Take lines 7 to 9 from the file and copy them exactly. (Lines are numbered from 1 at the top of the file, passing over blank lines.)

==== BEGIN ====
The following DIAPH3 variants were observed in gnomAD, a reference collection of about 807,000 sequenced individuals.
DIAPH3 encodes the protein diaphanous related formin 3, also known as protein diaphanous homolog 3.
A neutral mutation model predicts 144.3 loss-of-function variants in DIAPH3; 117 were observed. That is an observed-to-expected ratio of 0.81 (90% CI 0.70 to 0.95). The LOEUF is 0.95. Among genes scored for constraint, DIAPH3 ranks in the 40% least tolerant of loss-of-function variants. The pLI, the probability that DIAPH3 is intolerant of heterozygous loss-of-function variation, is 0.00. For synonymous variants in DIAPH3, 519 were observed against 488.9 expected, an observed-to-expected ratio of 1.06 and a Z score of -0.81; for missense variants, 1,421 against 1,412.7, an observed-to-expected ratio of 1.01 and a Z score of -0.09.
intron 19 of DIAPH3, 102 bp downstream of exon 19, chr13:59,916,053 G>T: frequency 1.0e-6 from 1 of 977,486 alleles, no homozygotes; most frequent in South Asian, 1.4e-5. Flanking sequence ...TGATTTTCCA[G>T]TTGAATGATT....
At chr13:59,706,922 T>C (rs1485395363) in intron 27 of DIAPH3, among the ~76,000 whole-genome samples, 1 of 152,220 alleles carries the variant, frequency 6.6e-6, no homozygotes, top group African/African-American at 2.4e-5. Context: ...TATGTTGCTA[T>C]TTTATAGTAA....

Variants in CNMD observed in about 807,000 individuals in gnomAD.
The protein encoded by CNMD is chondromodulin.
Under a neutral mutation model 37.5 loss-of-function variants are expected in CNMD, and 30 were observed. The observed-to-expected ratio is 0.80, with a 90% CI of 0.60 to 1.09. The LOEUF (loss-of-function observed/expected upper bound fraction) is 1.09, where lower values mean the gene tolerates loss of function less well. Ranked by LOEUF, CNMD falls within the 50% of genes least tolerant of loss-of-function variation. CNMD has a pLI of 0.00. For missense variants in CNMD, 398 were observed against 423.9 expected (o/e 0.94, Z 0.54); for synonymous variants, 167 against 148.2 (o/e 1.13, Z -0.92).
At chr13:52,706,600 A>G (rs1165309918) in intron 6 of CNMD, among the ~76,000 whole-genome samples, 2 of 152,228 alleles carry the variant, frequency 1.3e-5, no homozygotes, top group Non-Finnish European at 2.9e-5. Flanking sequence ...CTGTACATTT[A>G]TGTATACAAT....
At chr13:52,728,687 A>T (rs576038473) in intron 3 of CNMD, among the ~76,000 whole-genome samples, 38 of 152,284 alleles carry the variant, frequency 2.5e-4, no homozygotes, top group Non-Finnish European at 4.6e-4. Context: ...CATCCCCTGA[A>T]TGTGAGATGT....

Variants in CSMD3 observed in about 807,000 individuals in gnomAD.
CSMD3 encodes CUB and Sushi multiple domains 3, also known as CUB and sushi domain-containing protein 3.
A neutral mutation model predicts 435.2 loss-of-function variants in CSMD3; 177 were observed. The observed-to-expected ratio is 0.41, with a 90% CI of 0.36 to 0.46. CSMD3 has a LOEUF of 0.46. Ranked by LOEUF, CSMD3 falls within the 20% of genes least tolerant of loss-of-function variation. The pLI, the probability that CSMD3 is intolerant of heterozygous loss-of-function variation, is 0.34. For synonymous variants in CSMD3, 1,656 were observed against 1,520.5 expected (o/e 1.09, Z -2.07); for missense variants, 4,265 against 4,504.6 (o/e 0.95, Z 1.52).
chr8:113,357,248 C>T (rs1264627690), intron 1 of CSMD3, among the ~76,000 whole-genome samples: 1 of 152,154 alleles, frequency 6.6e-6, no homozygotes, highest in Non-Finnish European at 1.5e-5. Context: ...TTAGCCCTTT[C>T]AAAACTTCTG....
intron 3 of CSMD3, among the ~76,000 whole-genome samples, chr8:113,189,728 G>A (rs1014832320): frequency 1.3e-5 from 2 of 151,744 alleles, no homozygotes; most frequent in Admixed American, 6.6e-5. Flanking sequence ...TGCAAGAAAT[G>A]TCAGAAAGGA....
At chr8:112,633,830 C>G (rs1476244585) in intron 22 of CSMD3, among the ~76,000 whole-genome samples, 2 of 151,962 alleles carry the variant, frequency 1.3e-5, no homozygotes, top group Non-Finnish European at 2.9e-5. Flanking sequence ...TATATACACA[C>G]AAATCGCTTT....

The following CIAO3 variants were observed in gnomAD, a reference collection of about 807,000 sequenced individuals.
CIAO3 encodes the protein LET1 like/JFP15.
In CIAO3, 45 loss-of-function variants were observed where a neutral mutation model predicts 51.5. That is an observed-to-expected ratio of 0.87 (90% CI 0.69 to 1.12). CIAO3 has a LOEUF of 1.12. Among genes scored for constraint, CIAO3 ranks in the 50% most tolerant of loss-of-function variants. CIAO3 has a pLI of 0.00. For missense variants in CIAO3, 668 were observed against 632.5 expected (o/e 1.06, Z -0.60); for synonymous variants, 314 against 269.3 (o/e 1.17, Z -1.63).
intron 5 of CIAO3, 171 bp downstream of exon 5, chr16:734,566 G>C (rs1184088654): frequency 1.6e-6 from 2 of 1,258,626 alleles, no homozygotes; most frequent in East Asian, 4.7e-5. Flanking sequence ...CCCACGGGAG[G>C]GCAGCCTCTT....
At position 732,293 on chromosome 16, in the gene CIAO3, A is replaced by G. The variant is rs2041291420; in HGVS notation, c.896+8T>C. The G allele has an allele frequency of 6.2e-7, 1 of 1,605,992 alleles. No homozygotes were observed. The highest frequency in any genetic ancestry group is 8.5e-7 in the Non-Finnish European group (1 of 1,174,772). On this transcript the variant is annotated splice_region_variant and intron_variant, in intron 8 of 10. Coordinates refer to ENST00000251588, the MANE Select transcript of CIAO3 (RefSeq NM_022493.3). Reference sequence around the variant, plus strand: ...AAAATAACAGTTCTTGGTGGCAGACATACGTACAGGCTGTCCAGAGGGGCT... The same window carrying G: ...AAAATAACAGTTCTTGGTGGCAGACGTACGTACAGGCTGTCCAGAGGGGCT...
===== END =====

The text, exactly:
The protein encoded by CNMD is chondromodulin.
Under a neutral mutation model 37.5 loss-of-function variants are expected in CNMD, and 30 were observed. The observed-to-expected ratio is 0.80, with a 90% CI of 0.60 to 1.09. The LOEUF (loss-of-function observed/expected upper bound fraction) is 1.09, where lower values mean the gene tolerates loss of function less well. Ranked by LOEUF, CNMD falls within the 50% of genes least tolerant of loss-of-function variation. CNMD has a pLI of 0.00. For missense variants in CNMD, 398 were observed against 423.9 expected (o/e 0.94, Z 0.54); for synonymous variants, 167 against 148.2 (o/e 1.13, Z -0.92).
At chr13:52,706,600 A>G (rs1165309918) in intron 6 of CNMD, among the ~76,000 whole-genome samples, 2 of 152,228 alleles carry the variant, frequency 1.3e-5, no homozygotes, top group Non-Finnish European at 2.9e-5. Flanking sequence ...CTGTACATTT[A>G]TGTATACAAT....